Mobility Center of Expertise (MCE)

shutterstock_61300222In the past two decades, a lot of technological, economical and demographical changes have occurred in both developed and developing nations. The implications of these changes are well understood for developed nations yet it is not clear how those changes would impact on developing nations. South East Asia and ASEAN region with a 600 million population is the region that has been growing significantly economically and it is projected that the economic growth will continue at an average of 16% annually for the next next 5 years. The economic growth brings along other types of demand especially in the field of mobility need and urbanization which has an immediate outcome of high economic growth. A very good example is the city of Jakarta, as a capital city of one the fastest growing economies in South East Asia, which is ranked number one in terms of car traffic congestion worldwide.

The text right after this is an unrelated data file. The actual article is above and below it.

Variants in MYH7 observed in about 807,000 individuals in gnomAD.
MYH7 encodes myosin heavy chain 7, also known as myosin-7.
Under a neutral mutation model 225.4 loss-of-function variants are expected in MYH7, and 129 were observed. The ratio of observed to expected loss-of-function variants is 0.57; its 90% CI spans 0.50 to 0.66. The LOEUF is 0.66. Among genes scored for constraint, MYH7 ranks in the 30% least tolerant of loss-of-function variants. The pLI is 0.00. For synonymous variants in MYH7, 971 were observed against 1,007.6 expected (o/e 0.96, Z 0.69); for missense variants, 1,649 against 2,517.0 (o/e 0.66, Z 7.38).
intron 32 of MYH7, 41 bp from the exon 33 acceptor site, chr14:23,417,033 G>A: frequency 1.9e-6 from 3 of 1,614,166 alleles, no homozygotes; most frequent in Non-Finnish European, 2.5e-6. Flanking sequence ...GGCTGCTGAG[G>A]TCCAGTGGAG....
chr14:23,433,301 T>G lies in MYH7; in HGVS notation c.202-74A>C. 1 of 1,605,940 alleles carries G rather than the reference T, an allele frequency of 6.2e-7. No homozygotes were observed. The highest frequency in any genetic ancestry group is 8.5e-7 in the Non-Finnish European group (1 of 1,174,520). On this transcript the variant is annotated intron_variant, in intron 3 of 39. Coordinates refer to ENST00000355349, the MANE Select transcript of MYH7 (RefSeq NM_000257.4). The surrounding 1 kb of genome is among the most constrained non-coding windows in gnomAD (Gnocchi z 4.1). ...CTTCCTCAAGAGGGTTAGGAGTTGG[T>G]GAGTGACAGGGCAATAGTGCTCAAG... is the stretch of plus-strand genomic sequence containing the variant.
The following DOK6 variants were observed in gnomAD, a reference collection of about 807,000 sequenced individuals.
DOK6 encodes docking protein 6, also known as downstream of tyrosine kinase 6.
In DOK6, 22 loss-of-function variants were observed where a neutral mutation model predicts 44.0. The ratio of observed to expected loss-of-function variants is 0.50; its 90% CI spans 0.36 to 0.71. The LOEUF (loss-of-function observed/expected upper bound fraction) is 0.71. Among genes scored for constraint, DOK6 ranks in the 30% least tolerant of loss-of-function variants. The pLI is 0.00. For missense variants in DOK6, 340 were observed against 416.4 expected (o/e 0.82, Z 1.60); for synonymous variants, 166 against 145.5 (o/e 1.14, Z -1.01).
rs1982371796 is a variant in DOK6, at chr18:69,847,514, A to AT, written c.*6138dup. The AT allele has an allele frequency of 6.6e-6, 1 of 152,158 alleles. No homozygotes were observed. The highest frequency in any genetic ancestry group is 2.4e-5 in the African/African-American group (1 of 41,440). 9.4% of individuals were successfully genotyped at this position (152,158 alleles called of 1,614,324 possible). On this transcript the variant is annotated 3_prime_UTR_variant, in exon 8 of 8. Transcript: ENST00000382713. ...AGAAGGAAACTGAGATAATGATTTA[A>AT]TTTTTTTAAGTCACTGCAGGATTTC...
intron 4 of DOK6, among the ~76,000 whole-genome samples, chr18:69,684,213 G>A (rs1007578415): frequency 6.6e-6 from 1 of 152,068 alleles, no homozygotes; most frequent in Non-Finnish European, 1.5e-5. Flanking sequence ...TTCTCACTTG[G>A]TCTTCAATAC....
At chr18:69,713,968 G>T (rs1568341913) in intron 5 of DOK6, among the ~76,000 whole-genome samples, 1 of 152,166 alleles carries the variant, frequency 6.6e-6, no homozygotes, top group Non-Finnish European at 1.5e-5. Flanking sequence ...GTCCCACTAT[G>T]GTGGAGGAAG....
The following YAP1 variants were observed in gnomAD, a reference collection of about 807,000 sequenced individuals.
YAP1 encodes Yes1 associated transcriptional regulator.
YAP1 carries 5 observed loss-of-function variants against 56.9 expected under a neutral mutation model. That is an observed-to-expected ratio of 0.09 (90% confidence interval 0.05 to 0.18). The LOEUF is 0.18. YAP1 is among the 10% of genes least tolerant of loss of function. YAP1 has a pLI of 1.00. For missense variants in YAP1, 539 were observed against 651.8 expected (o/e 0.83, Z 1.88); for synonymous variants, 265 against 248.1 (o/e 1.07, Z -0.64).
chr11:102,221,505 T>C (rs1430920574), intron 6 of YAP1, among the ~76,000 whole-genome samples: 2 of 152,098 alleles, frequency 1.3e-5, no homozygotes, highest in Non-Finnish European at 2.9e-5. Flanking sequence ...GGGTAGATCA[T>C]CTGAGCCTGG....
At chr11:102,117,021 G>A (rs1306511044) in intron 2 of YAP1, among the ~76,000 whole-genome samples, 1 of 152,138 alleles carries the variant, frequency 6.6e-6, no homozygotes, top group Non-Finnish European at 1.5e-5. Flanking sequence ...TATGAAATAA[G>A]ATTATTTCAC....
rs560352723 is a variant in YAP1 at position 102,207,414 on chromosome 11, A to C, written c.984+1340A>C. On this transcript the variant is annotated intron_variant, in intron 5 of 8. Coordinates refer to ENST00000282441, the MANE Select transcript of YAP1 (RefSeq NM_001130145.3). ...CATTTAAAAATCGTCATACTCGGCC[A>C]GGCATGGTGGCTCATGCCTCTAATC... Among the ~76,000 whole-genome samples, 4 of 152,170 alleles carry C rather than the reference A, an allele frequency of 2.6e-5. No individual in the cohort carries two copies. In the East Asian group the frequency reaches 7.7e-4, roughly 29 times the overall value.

A combination of economic, demographic and technological changes would necessitate thinking strategically in regard to mobility in developing countries particularly South East Asia and the ASEAN region as one the fastest growing regions. Specifically there are some important questions to be addressed:

  1. How the driver-less and intelligent vehicles would affect the mobility in ASEAN region considering the new economic arrangement for free flow of goods, people and money in the region?
  2. Generation Y has been growing along with IT advancement and Internet penetration in the region and instant connectivity is the obsession of new generation. How does the Y generation consumption pattern differ compared to developed nations and whether the same consumer behavior can be expected in this region? Whether the view of the Y generation consumer to capital goods would be the same as developed countries and those new business models like Zipcar, autolib, airb&b would be able to succeed in this region or would there be localized business models addressing the mobility issue?
  3. How sustainable mobility should be balanced with local government’s goals for employment and social welfare improvement?
  4. Taking into consideration all the new changes in the environment, how policy makers should think strategically about mobility in the region?